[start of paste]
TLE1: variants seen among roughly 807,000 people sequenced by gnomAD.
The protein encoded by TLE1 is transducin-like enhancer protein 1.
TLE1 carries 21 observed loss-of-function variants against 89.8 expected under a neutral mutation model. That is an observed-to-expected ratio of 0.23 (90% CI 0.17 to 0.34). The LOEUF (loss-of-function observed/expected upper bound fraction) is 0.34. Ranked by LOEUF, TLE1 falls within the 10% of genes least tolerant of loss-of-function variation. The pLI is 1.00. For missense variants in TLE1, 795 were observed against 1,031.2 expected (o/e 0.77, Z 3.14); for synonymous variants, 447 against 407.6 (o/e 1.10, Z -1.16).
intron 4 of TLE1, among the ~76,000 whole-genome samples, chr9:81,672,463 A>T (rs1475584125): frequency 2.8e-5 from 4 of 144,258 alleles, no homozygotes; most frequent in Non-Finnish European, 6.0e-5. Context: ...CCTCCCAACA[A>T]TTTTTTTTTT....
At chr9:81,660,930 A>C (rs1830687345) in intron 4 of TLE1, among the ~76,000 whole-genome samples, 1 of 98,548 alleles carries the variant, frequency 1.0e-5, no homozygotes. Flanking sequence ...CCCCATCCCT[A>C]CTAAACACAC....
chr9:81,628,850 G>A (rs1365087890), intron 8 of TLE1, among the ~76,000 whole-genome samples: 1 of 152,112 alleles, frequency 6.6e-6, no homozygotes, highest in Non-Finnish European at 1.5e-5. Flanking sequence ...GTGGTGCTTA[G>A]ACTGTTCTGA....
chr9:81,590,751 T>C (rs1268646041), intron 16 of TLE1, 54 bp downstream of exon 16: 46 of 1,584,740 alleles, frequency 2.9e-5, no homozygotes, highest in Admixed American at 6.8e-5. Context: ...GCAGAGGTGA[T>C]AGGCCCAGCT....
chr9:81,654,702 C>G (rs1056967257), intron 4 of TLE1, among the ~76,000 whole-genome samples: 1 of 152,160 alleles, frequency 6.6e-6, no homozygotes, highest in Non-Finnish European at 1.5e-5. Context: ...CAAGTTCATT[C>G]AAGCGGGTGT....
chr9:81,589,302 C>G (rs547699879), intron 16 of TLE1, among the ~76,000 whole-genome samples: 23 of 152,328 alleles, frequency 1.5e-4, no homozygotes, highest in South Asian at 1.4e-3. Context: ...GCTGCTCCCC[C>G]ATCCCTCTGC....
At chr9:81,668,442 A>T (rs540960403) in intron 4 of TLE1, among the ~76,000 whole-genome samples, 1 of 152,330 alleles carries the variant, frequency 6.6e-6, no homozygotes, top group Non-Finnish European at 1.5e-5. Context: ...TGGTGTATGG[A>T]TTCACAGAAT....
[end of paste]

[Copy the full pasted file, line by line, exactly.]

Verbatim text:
TLE1: variants seen among roughly 807,000 people sequenced by gnomAD.
The protein encoded by TLE1 is transducin-like enhancer protein 1.
TLE1 carries 21 observed loss-of-function variants against 89.8 expected under a neutral mutation model. That is an observed-to-expected ratio of 0.23 (90% CI 0.17 to 0.34). The LOEUF (loss-of-function observed/expected upper bound fraction) is 0.34. Ranked by LOEUF, TLE1 falls within the 10% of genes least tolerant of loss-of-function variation. The pLI is 1.00. For missense variants in TLE1, 795 were observed against 1,031.2 expected (o/e 0.77, Z 3.14); for synonymous variants, 447 against 407.6 (o/e 1.10, Z -1.16).
intron 4 of TLE1, among the ~76,000 whole-genome samples, chr9:81,672,463 A>T (rs1475584125): frequency 2.8e-5 from 4 of 144,258 alleles, no homozygotes; most frequent in Non-Finnish European, 6.0e-5. Context: ...CCTCCCAACA[A>T]TTTTTTTTTT....
At chr9:81,660,930 A>C (rs1830687345) in intron 4 of TLE1, among the ~76,000 whole-genome samples, 1 of 98,548 alleles carries the variant, frequency 1.0e-5, no homozygotes. Flanking sequence ...CCCCATCCCT[A>C]CTAAACACAC....
chr9:81,628,850 G>A (rs1365087890), intron 8 of TLE1, among the ~76,000 whole-genome samples: 1 of 152,112 alleles, frequency 6.6e-6, no homozygotes, highest in Non-Finnish European at 1.5e-5. Flanking sequence ...GTGGTGCTTA[G>A]ACTGTTCTGA....
chr9:81,590,751 T>C (rs1268646041), intron 16 of TLE1, 54 bp downstream of exon 16: 46 of 1,584,740 alleles, frequency 2.9e-5, no homozygotes, highest in Admixed American at 6.8e-5. Context: ...GCAGAGGTGA[T>C]AGGCCCAGCT....
chr9:81,654,702 C>G (rs1056967257), intron 4 of TLE1, among the ~76,000 whole-genome samples: 1 of 152,160 alleles, frequency 6.6e-6, no homozygotes, highest in Non-Finnish European at 1.5e-5. Context: ...CAAGTTCATT[C>G]AAGCGGGTGT....
chr9:81,589,302 C>G (rs547699879), intron 16 of TLE1, among the ~76,000 whole-genome samples: 23 of 152,328 alleles, frequency 1.5e-4, no homozygotes, highest in South Asian at 1.4e-3. Context: ...GCTGCTCCCC[C>G]ATCCCTCTGC....
At chr9:81,668,442 A>T (rs540960403) in intron 4 of TLE1, among the ~76,000 whole-genome samples, 1 of 152,330 alleles carries the variant, frequency 6.6e-6, no homozygotes, top group Non-Finnish European at 1.5e-5. Context: ...TGGTGTATGG[A>T]TTCACAGAAT....